Hand-tufted rugs are durable and wear well if looked after well – they are most suited to domestic environments. They may not last forever, which can be a good thing if you like to change your interiors every 7- 10 years.
Hand-knotted rugs are considered to be Heirloom Quality. Because of their careful and hardwearing rug construction they can last a lifetime. However, a Hand Knotted rug is more costly than a hand-tufted rug – the cost depends on the number of knots used. Hand knotted rugs are great for commercial situations where there is higher footfall as they are more robust than a hand tufted rugs.
Tufted rugs are fantastic if you are on a budget and unable to invest in a hand knotted rug, or if you want to buy multiple rugs to keep up with trends or enjoy changing around your decor.
The cost of a knotted rug isnʼt the only deciding factor for the value. There are a wide range of hand knotted rugs- the higher the knot count the better the quality. Knot counts can be as low as 40 knots and as high as 200 knots (which is a tapestry liek quality). The higher the knot count the longer t takes to make the rug and the more costly it is to weave it.
Tufted rugs also come in a varitey of different qualities. At Sonya Winner Rug Studio our rugs are made from a superior quality New Zealand wool tufted rug with long wool fibres. Other rug sellers may use Nepalese or Tibetan wool in their rugs which is a less expensive alternative but does not give the Vibrant colours we are able to achieve using New Zealand wool and the Swizz Azo free dyes we specify. Natural dyes can not achieve these colours and will fade even if used on New Zealand wool.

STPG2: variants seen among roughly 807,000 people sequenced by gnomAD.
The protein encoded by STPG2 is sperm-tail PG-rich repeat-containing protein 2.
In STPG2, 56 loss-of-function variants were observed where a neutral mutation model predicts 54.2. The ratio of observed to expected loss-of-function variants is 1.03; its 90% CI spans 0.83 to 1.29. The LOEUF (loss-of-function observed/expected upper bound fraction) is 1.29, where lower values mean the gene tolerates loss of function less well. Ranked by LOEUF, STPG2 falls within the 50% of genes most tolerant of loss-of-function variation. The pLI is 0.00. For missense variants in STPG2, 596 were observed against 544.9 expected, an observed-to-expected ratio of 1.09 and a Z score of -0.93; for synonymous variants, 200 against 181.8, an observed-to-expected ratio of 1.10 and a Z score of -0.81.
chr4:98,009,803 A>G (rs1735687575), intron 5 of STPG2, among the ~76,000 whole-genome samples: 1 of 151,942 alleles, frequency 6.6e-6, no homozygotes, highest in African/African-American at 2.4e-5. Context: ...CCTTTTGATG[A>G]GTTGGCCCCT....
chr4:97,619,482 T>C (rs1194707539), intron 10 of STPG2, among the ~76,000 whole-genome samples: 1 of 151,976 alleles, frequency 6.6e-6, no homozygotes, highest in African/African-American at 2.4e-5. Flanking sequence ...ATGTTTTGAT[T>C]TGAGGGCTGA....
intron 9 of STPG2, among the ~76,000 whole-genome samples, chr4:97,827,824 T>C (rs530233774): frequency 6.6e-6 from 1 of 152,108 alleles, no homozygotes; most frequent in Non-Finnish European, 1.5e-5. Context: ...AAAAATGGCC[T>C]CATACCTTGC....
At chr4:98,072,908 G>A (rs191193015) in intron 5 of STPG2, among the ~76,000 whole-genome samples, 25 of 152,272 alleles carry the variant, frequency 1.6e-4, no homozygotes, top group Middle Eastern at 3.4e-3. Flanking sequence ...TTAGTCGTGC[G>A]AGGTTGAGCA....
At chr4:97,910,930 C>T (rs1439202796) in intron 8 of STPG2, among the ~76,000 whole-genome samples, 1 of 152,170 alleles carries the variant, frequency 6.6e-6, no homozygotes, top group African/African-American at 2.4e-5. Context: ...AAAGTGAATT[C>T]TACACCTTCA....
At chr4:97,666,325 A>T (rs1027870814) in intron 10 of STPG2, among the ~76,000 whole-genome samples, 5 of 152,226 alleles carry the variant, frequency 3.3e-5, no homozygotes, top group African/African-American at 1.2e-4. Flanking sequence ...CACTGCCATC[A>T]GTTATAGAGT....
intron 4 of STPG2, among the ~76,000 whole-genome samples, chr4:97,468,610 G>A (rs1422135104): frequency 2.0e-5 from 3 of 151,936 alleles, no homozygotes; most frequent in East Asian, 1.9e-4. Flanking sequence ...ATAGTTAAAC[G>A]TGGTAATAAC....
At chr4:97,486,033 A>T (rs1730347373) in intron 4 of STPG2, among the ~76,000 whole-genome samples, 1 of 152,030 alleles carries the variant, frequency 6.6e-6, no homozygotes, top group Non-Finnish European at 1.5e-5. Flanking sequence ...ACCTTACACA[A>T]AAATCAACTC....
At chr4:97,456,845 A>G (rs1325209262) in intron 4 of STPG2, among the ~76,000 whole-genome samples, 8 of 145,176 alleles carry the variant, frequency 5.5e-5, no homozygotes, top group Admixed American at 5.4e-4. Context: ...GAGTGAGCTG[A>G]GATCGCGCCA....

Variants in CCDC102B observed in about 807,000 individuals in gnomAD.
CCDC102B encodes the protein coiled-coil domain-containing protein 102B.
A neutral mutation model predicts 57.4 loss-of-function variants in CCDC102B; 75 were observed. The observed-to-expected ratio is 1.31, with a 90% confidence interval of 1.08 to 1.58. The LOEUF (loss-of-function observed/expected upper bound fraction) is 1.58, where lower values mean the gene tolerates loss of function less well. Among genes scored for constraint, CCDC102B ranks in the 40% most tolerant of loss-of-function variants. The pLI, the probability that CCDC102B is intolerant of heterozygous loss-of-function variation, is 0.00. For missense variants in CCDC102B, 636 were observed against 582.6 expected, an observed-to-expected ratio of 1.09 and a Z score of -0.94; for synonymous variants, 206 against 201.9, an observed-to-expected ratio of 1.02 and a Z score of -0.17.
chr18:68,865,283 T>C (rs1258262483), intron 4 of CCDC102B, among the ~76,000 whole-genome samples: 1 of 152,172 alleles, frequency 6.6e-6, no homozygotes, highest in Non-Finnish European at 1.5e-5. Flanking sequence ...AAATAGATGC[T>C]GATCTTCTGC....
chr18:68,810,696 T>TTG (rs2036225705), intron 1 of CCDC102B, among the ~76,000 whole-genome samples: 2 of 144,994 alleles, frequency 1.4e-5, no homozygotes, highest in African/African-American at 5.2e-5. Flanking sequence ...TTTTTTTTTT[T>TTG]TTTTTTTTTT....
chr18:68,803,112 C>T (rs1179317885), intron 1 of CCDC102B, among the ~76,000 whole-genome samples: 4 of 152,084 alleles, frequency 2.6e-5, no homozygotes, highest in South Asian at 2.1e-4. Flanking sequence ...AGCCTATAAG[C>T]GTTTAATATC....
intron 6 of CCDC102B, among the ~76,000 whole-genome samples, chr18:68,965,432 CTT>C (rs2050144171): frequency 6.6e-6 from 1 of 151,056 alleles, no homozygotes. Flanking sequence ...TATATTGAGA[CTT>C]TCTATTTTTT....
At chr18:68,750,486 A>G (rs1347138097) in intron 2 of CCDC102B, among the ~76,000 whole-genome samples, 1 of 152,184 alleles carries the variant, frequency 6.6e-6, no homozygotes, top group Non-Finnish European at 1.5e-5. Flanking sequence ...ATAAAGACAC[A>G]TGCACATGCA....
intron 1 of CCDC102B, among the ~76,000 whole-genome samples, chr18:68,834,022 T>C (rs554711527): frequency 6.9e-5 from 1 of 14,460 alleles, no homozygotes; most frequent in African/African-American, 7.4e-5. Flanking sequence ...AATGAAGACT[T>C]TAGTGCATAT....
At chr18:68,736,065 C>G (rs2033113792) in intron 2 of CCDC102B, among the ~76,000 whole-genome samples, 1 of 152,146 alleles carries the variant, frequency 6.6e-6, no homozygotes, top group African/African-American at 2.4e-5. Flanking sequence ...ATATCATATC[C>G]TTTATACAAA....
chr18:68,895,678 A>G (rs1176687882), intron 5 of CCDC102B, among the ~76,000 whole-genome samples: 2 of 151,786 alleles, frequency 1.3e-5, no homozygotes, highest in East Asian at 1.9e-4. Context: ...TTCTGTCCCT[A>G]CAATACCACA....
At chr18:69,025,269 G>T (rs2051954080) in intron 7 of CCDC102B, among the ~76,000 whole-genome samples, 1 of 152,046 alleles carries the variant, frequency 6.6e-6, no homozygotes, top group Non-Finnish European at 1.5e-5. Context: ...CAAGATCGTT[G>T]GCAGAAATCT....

So how can you tell the difference visually between a Hand-Knotted and Hand-Tufted rug? There are a few key things you will notice.
The most obvious would have to be the back of the rug. A hand-tufted rug will have a canvas backing glued to the back of the rug. Whilst the back of hand knotted rugs will be a translation of the front side of the rug in tapestry style stitches. You can see each individual knot on hand knotted rugs on the reverse side and be able to count the knots per square inch.
The second thing to notice is the rug thickness. Tufted rugs are typically thicker and knotted rugs normally have a flatter pile. If a low pile height of the rug is important to you – for example if the rug is in a hallway and a door will have to open on top of it – be sure to measure the clearance in order to help you decide what type of rug will work best! A knotted runner can be made at a minimum of 4mm high whilst a tufted rug due to the layer of glue and canvas will not be made less than 10mm high.
In todayʼs world, people are buying rugs for design, not necessarily of the number of knots in them. Many high quality art rugs are tufted. Nowadays the value of a rug is within the design and aesthetics, just as much as in quality.